InnovOil visited the Thales Alenia Space centre in Rome to preview SES' last batch of four O3b medium Earth orbit (MEO) satellites before their launch in the first half of the year.
O3b stands for “Other 3 billion,” the number of people without broadband access.
MEO satellites orbit 8,000 km above Earth – geostationary satellites orbit 35,750 km from Earth. The lower orbit means the MEO satellites provide latencies of 75 milliseconds for a one way data transfer. Geostationary satellites have a latency of 270 milliseconds between Earth and satellite.
The four satellites will join SES' 16 current satellites to increase their coverage. They orbit around the equator at a speed of 18,918 km per hour, orbiting the Earth five times per day.
Each satellite carries 12 antennae, each of which emits a beam with a 700-km diameter footprint. This means that each antenna covers 384,845 sq km.
The satellites send and receive data to and from a pair of 2.4 metre ground dishes. The antenna on one dish will track the satellite currently being used, while the second tracks another. As the first satellite goes under the horizon, the second terminal links up with the next satellites to ensure there is no gap in transmission.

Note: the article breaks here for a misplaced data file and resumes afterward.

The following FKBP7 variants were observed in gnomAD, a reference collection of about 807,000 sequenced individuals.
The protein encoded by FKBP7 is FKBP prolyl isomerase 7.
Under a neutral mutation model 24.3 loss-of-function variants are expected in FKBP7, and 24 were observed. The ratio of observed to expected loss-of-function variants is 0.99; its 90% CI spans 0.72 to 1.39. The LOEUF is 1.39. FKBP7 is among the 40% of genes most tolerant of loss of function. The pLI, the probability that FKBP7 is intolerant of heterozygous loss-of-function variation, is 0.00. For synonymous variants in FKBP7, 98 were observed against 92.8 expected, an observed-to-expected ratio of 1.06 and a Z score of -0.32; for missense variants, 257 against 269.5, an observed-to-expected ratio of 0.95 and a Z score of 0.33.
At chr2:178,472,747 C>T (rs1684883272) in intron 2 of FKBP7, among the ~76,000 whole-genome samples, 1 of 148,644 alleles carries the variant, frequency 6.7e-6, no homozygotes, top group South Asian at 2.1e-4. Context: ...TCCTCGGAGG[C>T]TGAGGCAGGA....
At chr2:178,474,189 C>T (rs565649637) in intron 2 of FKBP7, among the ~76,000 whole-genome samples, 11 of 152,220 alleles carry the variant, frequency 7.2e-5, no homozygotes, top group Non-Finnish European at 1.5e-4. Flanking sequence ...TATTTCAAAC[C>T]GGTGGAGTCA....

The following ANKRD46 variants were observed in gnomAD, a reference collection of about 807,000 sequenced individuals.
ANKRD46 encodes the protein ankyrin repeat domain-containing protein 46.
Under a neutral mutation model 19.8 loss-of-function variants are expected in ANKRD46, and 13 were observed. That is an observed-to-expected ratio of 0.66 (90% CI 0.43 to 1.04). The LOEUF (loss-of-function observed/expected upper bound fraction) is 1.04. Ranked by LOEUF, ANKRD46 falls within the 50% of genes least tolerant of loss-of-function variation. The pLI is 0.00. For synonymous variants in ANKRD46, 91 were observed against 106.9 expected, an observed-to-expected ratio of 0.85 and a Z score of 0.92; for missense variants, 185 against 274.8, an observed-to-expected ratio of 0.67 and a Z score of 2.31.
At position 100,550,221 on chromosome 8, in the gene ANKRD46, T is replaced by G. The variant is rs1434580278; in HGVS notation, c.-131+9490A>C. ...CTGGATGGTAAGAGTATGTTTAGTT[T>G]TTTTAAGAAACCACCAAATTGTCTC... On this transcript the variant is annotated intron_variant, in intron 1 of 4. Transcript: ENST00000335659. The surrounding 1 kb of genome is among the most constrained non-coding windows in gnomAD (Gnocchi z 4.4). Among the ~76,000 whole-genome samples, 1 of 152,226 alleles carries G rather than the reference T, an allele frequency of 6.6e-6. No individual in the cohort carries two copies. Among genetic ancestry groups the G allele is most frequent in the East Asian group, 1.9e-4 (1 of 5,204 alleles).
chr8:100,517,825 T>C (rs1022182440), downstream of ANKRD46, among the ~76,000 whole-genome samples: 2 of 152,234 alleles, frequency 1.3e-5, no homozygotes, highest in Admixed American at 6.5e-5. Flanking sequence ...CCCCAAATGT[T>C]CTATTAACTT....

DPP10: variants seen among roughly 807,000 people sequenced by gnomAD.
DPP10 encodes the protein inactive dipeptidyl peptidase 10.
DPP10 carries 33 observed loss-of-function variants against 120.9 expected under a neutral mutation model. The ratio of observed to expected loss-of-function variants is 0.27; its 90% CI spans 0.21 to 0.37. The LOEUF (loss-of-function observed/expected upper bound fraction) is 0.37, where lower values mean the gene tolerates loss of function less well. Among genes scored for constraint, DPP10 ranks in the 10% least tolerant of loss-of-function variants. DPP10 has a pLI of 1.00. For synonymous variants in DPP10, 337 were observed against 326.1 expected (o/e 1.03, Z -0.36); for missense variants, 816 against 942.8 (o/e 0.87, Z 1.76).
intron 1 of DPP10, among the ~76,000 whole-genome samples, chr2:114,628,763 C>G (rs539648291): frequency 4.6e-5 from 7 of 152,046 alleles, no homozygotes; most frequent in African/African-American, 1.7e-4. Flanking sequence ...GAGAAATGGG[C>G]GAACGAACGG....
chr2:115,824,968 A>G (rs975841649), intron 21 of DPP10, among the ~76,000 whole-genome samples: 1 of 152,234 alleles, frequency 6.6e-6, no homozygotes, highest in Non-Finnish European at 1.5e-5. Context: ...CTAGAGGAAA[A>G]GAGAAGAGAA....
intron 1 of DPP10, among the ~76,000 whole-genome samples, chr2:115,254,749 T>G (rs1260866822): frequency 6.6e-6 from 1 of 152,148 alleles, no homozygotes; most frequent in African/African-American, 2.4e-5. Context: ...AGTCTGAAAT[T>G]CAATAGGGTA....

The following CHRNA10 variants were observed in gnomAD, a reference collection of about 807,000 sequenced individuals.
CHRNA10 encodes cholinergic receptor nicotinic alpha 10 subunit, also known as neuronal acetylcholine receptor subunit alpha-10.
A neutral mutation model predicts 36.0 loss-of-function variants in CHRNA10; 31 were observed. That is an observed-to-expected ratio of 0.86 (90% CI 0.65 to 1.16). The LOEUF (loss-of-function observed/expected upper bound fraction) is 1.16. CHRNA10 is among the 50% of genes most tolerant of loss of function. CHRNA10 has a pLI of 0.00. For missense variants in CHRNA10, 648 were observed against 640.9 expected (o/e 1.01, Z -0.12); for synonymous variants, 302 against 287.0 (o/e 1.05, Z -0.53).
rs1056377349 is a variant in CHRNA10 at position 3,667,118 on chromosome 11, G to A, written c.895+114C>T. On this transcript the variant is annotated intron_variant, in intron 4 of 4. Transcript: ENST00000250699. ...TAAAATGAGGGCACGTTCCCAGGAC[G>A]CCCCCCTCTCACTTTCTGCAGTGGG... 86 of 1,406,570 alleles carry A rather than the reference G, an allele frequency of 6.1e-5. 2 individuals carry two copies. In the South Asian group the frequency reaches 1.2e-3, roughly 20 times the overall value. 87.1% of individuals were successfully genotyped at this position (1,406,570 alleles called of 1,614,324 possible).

However, this means that there are two points of failure in the uplink system. If one link goes down, it can create a gap as the other terminal has to compensate and locate the new satellite.
Morten Hansen, vice president Segment Market Management Energy at SES Networks told InnovOil: “What’s new with O3b MEO is the reduced latency and the high throughput available on our solution. That’s something that oil and gas companies are starting to utilise. We have deployments in several parts of the world, from Brazil, West Africa, Angola, Equatorial Guinea to the Gulf of Mexico.”
These developing markets lack the telecommunications infrastructure of areas like the North Sea. MEO satellites look like they can make certain tasks practical.
Hansen noted that the International Telecommunication Union’s end-user multimedia QoS categories standard specifies at least a 100 millisecond single trip latency as key for command/control and voice/video applications.
While ROV inspections do not need latencies of 100 milliseconds or more to be viable, operating a work class ROV will be more difficult if there is a noticeable lag between the operator’s actions and the ROV’s actions.
Working in the cloud can be unpleasant. People using cloud apps perceive latencies of up to 100 milliseconds as instantaneous. With an average typing speed of around 40 words per minute, it takes about 250 milliseconds to type a single character. Geostationary satellites produce a noticeable lag with 270 millisecond latencies.
While SES' MEO satellites are an improvement over geostationary satellites, the benefits they provide are incremental.